The Town-Ho's Storyp. 200
Of the Monstrous Pictures of Whalesp. 217
Of the Less Erroneous Pictures of Whales, and the True Pictures of Whaling Scenesp. 220
Of Whales in Paint; in Teeth; in Wood; in Sheet-iron; in Stone; in Mountains; in Starsp. 223
Britp. 225
Squidp. 227
The Linep. 229
Stubb Kills a Whalep. 232
The Dartp. 236
The Crotchp. 237
Stubb's Supperp. 238
The Whale as a Dishp. 245
The Shark Massacrep. 247
Cutting Inp. 248
The Blanketp. 250
The Funeralp. 252
The Sphynxp. 253
The Jeroboam's Storyp. 255
The Monkey-Ropep. 260
Stubb and Flask Kill a Right Whale; and Then Have a Talk over Himp. 263
The Sperm Whale's Head--Contrasted Viewp. 268
The Right Whale's Head--Contrasted Viewp. 271
The Battering-Ramp. 273
The Great Heidelburgh Tunp. 275
Cistern and Bucketsp. 277
The Prairiep. 280
The Nutp. 282
The Pequod Meets the Virginp. 284
The Honor and Glory of Whalingp. 293
Jonah Historically Regardedp. 295
Pitchpolingp. 297
The Fountainp. 298
The Tailp. 302
The Grand Armadap. 306
Schools and Schoolmastersp. 316
Fast-Fish and Loose-Fishp. 318
Heads or Tailsp. 321
The Pequod Meets the Rose-Budp. 324
Ambergrisp. 329
The Castawayp. 331
A Squeeze of the Handp. 334
The Cassockp. 337
The Try-Worksp. 338
The Lampp. 342
Stowing Down and Clearing Upp. 342
The Doubloonp. 344
Leg and Arm. The Pequod, of Nantucket, Meets the Samuel Enderby, of Londonp. 349
The Decanterp. 355
A Bower in the Arsacidesp. 358
Measurement of the Whale's Skeletonp. 362
The Fossil Whalep. 364
Does the Whale's Magnitude Diminish?--Will He Perish?p. 367
Ahab's Legp. 370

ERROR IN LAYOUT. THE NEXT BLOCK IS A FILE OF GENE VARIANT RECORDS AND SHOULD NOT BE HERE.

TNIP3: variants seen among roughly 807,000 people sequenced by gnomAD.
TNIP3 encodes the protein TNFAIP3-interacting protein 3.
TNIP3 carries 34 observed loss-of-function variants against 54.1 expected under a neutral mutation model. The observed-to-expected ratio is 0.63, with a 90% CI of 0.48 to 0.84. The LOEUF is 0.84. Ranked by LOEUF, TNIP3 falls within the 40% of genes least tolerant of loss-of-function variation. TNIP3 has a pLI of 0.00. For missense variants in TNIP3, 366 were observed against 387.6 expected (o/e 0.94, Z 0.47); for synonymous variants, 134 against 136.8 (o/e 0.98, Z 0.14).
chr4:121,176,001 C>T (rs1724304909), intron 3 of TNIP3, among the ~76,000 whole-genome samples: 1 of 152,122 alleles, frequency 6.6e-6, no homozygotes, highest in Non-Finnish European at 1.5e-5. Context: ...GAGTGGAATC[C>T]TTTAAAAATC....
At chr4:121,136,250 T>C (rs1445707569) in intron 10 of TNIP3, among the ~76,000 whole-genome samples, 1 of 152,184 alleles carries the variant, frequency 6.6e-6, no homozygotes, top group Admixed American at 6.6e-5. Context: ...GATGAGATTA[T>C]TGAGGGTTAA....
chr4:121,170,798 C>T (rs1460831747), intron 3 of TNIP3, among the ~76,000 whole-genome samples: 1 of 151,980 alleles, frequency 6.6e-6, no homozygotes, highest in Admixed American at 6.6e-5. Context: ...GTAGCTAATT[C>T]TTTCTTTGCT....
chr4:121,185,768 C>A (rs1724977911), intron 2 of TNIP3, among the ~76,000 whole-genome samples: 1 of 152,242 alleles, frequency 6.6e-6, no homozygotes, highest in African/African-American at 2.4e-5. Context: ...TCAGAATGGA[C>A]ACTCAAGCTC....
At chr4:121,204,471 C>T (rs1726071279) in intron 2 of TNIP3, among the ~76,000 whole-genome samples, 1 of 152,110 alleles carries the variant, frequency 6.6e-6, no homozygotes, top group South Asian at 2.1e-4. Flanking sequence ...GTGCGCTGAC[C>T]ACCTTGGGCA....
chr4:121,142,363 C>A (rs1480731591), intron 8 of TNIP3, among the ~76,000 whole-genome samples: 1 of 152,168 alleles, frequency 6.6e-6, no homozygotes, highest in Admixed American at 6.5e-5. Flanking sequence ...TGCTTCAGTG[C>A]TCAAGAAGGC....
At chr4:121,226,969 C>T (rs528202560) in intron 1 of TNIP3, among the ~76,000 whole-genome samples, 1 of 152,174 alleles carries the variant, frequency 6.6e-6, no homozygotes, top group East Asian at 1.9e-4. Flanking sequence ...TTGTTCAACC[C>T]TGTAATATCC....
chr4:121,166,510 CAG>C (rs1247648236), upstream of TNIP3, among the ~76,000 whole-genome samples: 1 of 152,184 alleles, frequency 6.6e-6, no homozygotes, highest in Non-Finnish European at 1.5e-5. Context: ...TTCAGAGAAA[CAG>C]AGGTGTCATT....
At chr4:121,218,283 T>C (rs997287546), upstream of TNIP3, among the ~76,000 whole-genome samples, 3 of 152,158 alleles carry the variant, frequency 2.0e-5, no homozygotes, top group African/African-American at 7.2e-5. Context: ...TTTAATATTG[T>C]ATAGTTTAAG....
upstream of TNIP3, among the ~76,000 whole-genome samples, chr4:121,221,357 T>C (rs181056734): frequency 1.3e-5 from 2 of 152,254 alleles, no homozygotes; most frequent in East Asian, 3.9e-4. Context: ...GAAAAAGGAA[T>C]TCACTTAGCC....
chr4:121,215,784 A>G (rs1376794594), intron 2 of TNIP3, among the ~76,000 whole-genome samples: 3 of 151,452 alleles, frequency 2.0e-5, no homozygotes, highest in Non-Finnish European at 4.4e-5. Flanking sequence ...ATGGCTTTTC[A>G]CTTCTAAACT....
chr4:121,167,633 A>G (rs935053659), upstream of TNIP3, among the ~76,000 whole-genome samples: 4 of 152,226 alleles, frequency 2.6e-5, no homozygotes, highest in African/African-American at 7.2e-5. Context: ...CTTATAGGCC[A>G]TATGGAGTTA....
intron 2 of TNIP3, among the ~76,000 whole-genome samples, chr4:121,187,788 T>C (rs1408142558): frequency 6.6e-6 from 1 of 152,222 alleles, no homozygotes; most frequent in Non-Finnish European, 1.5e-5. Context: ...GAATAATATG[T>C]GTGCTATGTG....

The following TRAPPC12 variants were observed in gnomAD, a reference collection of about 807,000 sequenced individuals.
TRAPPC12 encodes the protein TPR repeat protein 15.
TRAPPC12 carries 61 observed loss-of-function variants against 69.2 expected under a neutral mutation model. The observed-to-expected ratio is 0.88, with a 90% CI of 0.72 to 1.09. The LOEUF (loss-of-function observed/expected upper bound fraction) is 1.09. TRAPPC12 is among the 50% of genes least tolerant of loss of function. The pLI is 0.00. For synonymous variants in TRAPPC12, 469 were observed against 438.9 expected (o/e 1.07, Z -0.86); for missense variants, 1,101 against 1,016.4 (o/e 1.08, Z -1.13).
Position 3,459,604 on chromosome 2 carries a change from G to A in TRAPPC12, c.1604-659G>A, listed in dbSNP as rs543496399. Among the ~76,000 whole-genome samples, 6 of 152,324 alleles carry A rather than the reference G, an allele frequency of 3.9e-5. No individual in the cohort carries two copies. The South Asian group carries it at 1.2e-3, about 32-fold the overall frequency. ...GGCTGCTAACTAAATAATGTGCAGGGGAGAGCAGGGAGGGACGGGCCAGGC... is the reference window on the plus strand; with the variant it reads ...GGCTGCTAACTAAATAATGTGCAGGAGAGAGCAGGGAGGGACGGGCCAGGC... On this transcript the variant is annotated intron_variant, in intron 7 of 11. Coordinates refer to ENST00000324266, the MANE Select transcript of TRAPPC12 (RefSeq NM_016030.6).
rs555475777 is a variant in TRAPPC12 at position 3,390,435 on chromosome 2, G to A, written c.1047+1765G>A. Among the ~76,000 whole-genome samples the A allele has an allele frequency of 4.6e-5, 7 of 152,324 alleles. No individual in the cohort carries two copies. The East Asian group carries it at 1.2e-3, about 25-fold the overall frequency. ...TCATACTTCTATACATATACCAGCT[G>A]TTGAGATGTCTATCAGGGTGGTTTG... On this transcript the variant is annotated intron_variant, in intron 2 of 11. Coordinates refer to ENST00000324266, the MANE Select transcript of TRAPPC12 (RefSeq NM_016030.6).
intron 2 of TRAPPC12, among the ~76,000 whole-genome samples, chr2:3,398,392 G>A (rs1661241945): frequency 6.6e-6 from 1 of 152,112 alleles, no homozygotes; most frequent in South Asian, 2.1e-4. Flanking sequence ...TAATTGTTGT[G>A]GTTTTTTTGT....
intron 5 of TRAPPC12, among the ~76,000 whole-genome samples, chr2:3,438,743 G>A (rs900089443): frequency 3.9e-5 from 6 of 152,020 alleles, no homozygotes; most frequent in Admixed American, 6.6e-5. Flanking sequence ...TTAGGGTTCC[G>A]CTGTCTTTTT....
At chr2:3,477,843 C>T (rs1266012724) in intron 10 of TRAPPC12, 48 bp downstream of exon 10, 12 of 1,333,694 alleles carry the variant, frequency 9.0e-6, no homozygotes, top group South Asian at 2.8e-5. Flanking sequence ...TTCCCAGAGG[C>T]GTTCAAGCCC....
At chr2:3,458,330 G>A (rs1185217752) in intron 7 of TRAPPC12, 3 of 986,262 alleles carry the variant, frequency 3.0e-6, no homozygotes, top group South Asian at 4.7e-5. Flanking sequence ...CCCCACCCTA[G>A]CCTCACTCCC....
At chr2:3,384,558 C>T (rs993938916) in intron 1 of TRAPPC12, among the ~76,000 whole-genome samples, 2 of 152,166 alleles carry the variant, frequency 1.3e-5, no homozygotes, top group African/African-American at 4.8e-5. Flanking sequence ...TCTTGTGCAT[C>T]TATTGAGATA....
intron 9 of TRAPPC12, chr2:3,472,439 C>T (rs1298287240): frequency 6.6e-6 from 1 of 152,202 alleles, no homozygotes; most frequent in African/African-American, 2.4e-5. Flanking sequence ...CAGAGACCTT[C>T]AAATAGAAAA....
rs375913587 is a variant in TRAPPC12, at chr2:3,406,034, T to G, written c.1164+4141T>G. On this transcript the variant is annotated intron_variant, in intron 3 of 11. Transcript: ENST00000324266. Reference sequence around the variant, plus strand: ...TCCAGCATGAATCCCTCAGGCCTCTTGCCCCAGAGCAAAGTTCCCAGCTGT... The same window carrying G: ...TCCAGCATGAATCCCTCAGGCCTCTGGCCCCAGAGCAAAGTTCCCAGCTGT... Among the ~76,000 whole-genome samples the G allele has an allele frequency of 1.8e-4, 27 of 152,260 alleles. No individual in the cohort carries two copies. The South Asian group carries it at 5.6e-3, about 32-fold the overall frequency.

The Carpenterp. 372
Ahab and the Carpenterp. 374
Ahab and Starbuck in the Cabinp. 377
Queequeg in His Coffinp. 379
The Pacificp. 384
The Blacksmithp. 385
The Forgep. 387
The Gilderp. 390
The Pequod Meets the Bachelorp. 391
The Dying Whalep. 393
The Whale Watchp. 394
The Quadrantp. 395
The Candlesp. 397
The Deck Towards the End of the First Night Watchp. 402
Midnight--The Forecastle Bulwarksp. 403
Midnight Aloft--Thunder and Lightningp. 404
The Musketp. 404
The Needlep. 407
The Log and Linep. 410
The Life-Buoyp. 412
The Deckp. 415
The Pequod Meets the Rachelp. 417
The Cabinp. 419
The Hatp. 421
The Pequod Meets the Delightp. 424
The Symphonyp. 425
The Chase--First Dayp. 428
The Chase--Second Dayp. 436
The Chase--Third Dayp. 443
Epiloguep. 452
Table of Contents provided by Ingram. All Rights Reserved.


From Carl F. Hovde's Introduction to Moby-Dick

It is clear that Melville is not Ahab, nor is he Ishmael, though here the relationship is more complicated. "Call me Ishmael," chapter I begins: The borrowed name lets us know that he will tell us only what he wants to, and that he is a man apart from his fellows. The biblical Ishmael is the illegitimate son of Abraham by Rebecca's servant Hagar, and even though the Lord is good to Ishmael later in Genesis, his half-brother, Isaac, inherits the Lord's covenant through their father (Genesis 16, 17, 21, and 25).